Keywords: data pivoting, descriptive statistics, grouping, group by field, aggregation, Table View
Data pivoting rearranges data through groupings and aggregations, enabling viewing the data from a different perspective. It's useful for generating descriptive statistics, for example by counting, summarizing, or calculating averages, minimums, maximums, and so on.
A few examples of what data pivoting can be used for:
To count researchers' articles and summarizing their citations in a dataset of academic articles (see Example 1 below).
To count the number of sentences, paragraphs, and articles that words are used in, as well as the total number of times they are used (see Example 2 below).
To calculate the average sentiment of tweets by author and year (see Example 3 below).
If you are used to using GROUP BY statements in SQL, data pivoting in Dcipher Analytics will be intuitive.
☝️ Note: While this guide describes how to group and aggregate data locally through drop zones in Table View, you can use the Aggregates operation to generate an aggregated dataset in the global pipeline.
1. Select grouping field(s)
Drag your primary grouping field from the Schema workbench to the "Group by field" drop zone in the Table View. If you want to include a second (or third, etc) grouping field, drag it to the "Add field to grouping" drop zone in the Table View.
The values in the grouping field(s) now appear in the Table View, along with the corresponding aggregated data, which by default uses
count over "id" as the aggregation function.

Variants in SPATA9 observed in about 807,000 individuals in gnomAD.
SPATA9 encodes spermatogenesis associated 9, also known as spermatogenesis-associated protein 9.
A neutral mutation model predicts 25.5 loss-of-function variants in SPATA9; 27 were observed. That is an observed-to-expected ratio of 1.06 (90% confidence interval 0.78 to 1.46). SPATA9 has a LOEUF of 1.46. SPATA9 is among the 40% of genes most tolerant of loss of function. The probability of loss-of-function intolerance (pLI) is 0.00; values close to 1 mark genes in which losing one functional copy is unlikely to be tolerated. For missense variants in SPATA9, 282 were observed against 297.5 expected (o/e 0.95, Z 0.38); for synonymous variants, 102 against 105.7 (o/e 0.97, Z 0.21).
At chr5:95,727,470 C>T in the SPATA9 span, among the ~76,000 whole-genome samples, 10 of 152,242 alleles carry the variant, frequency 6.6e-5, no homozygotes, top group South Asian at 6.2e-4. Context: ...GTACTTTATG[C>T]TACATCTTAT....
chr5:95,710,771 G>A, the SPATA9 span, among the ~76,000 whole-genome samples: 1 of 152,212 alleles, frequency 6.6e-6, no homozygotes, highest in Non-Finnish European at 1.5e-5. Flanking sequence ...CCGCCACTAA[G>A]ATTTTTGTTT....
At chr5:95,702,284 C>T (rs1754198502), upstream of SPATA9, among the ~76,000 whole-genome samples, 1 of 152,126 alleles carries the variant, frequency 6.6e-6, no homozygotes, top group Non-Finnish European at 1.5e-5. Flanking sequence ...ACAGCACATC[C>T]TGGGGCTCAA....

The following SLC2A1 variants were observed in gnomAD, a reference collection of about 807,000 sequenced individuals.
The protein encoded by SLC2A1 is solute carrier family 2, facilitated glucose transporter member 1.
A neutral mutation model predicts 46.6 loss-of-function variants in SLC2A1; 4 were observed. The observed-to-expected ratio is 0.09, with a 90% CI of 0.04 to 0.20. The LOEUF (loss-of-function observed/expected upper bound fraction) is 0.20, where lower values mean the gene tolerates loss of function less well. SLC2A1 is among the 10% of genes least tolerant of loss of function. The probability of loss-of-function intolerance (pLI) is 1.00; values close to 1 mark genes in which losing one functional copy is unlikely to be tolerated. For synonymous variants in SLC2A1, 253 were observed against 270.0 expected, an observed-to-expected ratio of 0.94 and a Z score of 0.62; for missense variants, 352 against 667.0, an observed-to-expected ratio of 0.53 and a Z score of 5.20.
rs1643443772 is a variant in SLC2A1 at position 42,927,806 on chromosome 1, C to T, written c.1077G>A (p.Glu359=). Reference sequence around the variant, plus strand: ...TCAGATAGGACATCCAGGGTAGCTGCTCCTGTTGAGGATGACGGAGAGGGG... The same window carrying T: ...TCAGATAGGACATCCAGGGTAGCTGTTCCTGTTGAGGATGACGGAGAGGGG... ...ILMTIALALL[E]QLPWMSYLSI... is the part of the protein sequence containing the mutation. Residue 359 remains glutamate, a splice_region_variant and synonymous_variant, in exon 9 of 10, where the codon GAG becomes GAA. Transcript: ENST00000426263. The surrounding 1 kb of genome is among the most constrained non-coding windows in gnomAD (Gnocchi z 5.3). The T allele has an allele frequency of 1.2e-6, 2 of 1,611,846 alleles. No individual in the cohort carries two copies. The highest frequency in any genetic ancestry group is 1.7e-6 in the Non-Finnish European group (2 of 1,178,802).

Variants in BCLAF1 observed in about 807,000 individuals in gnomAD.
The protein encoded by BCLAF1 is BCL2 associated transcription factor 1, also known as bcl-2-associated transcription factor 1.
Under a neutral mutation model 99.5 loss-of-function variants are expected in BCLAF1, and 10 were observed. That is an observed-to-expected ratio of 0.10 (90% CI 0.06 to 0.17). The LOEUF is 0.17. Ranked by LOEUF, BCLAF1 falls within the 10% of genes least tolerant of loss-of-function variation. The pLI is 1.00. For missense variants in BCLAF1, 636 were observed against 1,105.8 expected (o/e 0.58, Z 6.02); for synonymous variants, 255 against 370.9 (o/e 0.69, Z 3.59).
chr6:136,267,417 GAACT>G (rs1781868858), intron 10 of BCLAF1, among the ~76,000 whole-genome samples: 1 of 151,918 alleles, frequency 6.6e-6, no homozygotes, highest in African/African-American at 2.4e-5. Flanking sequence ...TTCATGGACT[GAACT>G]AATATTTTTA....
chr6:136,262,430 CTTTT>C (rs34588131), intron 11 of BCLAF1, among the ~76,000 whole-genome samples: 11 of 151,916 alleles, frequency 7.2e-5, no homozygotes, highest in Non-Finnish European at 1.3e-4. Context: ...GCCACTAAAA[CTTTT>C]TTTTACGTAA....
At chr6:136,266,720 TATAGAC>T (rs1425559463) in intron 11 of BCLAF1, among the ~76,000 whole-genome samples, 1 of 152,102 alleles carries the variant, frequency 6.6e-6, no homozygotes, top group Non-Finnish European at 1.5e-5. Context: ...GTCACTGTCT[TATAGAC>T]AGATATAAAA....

☝️ Note: Unlike a typical pivot table (where one grouping field is displayed across columns, the second across rows, and the aggregated data is displayed in the cells), here each grouping field and each aggregate field is assigned a column, meaning that each row represents a combination of grouped values and their aggregated data. The benefit of this structure is that (1) more than two grouping fields can be used to generate more granular combinations (i.e. a multi-dimensional pivot table; see Example 3 below); and (2) more than one aggregation function can be applied (see Example 1 and Example 2 below).
2. Specify or change the aggregation function(s)
To change the aggregation function, double-click the column header of the column with the aggregated data. In the settings window appearing, specify the function in the "Function" drop-down and the field that the function should be applied on in the "Field" drop-down.
💡 Quick tip: To count the total number of occurrences, for example of words in the text, select the asterisk (*) in the "Field" drop-down.
To add additional aggregations, drag the field you want to aggregate over from the Schema workbench to the "Apply function" drop zone in the Table View. After dropping the field, click the drop-down menu inside the drop zone and specify the function. A new aggregation column will be added with the aggregated data.
Example 1: Counting researchers' articles and summarizing their citations